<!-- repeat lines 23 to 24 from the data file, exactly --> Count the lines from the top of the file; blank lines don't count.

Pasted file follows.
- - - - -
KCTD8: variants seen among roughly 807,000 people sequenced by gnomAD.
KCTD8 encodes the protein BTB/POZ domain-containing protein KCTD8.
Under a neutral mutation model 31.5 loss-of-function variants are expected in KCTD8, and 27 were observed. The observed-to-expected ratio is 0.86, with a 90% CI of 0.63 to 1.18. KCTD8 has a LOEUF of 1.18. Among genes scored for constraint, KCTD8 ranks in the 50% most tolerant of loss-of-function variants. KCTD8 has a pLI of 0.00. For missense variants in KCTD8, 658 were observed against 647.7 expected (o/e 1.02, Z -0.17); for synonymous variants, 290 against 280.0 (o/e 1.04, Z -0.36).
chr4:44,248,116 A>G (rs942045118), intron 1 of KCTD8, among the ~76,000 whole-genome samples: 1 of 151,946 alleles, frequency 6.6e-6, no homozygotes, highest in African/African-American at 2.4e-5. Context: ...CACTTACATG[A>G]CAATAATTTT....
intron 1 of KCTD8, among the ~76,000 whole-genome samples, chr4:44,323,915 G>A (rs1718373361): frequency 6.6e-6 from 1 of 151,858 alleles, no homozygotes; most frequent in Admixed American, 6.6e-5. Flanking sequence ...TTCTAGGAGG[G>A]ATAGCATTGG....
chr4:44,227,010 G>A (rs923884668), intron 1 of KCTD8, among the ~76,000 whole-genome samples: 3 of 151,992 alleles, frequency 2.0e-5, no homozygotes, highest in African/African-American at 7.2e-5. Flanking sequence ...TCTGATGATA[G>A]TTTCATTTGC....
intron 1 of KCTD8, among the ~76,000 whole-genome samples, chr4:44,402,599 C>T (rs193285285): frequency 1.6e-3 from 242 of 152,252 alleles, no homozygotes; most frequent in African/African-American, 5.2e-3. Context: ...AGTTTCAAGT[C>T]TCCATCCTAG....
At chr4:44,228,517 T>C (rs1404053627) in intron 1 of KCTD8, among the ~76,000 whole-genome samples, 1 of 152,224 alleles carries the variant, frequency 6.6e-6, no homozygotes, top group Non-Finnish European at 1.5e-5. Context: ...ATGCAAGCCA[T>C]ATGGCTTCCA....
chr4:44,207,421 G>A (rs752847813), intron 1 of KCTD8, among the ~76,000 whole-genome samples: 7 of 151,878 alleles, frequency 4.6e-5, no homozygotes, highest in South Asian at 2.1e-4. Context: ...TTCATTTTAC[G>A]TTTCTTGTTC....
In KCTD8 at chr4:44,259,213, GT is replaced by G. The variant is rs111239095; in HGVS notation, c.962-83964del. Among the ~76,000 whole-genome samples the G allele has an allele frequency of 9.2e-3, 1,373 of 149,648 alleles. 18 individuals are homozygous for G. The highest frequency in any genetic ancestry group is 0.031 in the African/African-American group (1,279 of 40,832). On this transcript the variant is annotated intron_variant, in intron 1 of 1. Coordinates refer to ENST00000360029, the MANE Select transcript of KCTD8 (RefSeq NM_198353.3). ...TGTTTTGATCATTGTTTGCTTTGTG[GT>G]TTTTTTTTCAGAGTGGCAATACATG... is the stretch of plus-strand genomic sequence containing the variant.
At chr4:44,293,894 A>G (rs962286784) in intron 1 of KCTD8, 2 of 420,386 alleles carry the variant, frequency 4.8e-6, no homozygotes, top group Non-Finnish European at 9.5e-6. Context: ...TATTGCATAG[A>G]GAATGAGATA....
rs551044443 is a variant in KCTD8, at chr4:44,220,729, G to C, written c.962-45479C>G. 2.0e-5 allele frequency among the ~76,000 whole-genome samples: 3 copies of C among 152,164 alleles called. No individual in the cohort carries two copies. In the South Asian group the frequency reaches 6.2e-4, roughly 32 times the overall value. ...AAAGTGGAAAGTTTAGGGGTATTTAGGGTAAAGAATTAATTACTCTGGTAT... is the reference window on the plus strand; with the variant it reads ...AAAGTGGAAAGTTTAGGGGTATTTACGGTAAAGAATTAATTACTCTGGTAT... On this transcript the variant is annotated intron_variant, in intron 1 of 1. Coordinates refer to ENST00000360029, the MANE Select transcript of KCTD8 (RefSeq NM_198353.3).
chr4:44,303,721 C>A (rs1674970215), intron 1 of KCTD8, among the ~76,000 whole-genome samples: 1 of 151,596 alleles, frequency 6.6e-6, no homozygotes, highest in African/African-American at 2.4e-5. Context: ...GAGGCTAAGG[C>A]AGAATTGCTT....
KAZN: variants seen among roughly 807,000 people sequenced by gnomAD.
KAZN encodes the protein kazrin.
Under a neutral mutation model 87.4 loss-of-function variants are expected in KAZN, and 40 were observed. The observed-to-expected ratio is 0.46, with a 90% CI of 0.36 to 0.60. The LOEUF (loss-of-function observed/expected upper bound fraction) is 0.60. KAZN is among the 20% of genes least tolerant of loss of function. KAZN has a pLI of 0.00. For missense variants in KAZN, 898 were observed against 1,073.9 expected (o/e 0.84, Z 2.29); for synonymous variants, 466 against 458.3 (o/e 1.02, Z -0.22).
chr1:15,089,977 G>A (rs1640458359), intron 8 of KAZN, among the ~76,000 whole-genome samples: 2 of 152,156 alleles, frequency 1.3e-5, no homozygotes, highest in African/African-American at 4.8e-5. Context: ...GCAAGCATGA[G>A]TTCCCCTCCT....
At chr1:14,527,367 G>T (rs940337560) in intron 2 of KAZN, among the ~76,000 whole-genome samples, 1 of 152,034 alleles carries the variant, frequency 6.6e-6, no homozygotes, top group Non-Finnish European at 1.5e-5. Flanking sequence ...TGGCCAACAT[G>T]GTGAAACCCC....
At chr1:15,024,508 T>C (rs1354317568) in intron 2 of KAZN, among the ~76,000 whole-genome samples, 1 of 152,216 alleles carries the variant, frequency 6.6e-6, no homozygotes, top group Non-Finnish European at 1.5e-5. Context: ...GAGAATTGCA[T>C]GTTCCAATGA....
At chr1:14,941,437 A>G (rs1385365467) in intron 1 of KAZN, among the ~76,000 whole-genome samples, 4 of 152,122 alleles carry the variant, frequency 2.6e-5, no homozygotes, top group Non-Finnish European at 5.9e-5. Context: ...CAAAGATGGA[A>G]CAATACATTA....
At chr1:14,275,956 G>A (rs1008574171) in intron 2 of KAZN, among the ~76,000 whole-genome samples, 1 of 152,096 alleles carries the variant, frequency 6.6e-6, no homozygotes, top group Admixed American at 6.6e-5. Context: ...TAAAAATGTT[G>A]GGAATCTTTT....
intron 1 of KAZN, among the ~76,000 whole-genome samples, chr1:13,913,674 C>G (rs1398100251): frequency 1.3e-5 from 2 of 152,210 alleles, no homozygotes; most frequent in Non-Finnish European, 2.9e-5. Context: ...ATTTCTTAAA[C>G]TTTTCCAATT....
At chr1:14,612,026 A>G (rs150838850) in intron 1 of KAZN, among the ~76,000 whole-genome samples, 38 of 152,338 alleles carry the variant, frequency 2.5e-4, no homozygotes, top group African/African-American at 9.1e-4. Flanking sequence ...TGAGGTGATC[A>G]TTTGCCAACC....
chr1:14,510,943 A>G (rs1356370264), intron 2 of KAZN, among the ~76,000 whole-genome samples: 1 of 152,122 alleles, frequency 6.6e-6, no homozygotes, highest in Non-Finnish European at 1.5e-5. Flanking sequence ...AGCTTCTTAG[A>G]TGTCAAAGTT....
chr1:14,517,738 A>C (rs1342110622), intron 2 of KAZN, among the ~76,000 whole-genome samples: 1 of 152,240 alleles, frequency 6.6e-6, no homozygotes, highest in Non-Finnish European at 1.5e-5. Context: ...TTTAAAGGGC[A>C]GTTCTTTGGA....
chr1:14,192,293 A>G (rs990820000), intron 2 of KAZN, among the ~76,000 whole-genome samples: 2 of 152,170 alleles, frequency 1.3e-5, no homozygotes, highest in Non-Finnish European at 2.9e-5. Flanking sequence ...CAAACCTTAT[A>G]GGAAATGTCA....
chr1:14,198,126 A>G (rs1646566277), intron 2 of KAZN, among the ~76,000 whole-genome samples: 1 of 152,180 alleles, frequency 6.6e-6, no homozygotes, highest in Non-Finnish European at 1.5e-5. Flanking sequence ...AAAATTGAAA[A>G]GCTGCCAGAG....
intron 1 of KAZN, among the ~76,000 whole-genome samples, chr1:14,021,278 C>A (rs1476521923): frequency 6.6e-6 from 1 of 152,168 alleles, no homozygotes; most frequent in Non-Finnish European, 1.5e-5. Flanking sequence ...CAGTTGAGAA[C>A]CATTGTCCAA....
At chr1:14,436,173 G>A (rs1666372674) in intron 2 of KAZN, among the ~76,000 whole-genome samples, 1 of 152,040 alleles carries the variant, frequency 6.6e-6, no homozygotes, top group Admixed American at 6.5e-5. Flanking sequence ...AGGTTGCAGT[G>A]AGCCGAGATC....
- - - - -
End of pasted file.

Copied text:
At chr1:14,612,026 A>G (rs150838850) in intron 1 of KAZN, among the ~76,000 whole-genome samples, 38 of 152,338 alleles carry the variant, frequency 2.5e-4, no homozygotes, top group African/African-American at 9.1e-4. Flanking sequence ...TGAGGTGATC[A>G]TTTGCCAACC....
chr1:14,510,943 A>G (rs1356370264), intron 2 of KAZN, among the ~76,000 whole-genome samples: 1 of 152,122 alleles, frequency 6.6e-6, no homozygotes, highest in Non-Finnish European at 1.5e-5. Flanking sequence ...AGCTTCTTAG[A>G]TGTCAAAGTT....